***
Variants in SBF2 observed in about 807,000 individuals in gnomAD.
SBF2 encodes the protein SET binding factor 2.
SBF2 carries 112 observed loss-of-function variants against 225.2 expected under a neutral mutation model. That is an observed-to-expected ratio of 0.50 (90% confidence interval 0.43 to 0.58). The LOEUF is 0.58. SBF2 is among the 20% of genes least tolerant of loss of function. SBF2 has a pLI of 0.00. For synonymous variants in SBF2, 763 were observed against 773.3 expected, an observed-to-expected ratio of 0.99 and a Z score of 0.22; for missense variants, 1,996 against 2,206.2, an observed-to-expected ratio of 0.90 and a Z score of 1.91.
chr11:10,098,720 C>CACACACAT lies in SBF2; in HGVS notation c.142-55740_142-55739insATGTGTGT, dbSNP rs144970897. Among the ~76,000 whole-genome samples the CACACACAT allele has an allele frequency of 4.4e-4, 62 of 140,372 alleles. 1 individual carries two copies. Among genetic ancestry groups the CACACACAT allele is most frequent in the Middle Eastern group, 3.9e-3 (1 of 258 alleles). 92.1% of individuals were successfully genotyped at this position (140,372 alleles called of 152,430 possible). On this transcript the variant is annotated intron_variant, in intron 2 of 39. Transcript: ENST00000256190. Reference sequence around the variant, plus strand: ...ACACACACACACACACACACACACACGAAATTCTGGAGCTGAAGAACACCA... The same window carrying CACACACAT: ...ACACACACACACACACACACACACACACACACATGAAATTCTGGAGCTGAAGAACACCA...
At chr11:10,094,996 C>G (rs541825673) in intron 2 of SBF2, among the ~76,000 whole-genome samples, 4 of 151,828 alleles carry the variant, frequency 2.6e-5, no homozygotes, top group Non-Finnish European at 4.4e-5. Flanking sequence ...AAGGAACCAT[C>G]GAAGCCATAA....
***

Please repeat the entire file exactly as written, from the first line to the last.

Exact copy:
Variants in SBF2 observed in about 807,000 individuals in gnomAD.
SBF2 encodes the protein SET binding factor 2.
SBF2 carries 112 observed loss-of-function variants against 225.2 expected under a neutral mutation model. That is an observed-to-expected ratio of 0.50 (90% confidence interval 0.43 to 0.58). The LOEUF is 0.58. SBF2 is among the 20% of genes least tolerant of loss of function. SBF2 has a pLI of 0.00. For synonymous variants in SBF2, 763 were observed against 773.3 expected, an observed-to-expected ratio of 0.99 and a Z score of 0.22; for missense variants, 1,996 against 2,206.2, an observed-to-expected ratio of 0.90 and a Z score of 1.91.
chr11:10,098,720 C>CACACACAT lies in SBF2; in HGVS notation c.142-55740_142-55739insATGTGTGT, dbSNP rs144970897. Among the ~76,000 whole-genome samples the CACACACAT allele has an allele frequency of 4.4e-4, 62 of 140,372 alleles. 1 individual carries two copies. Among genetic ancestry groups the CACACACAT allele is most frequent in the Middle Eastern group, 3.9e-3 (1 of 258 alleles). 92.1% of individuals were successfully genotyped at this position (140,372 alleles called of 152,430 possible). On this transcript the variant is annotated intron_variant, in intron 2 of 39. Transcript: ENST00000256190. Reference sequence around the variant, plus strand: ...ACACACACACACACACACACACACACGAAATTCTGGAGCTGAAGAACACCA... The same window carrying CACACACAT: ...ACACACACACACACACACACACACACACACACATGAAATTCTGGAGCTGAAGAACACCA...
At chr11:10,094,996 C>G (rs541825673) in intron 2 of SBF2, among the ~76,000 whole-genome samples, 4 of 151,828 alleles carry the variant, frequency 2.6e-5, no homozygotes, top group Non-Finnish European at 4.4e-5. Flanking sequence ...AAGGAACCAT[C>G]GAAGCCATAA....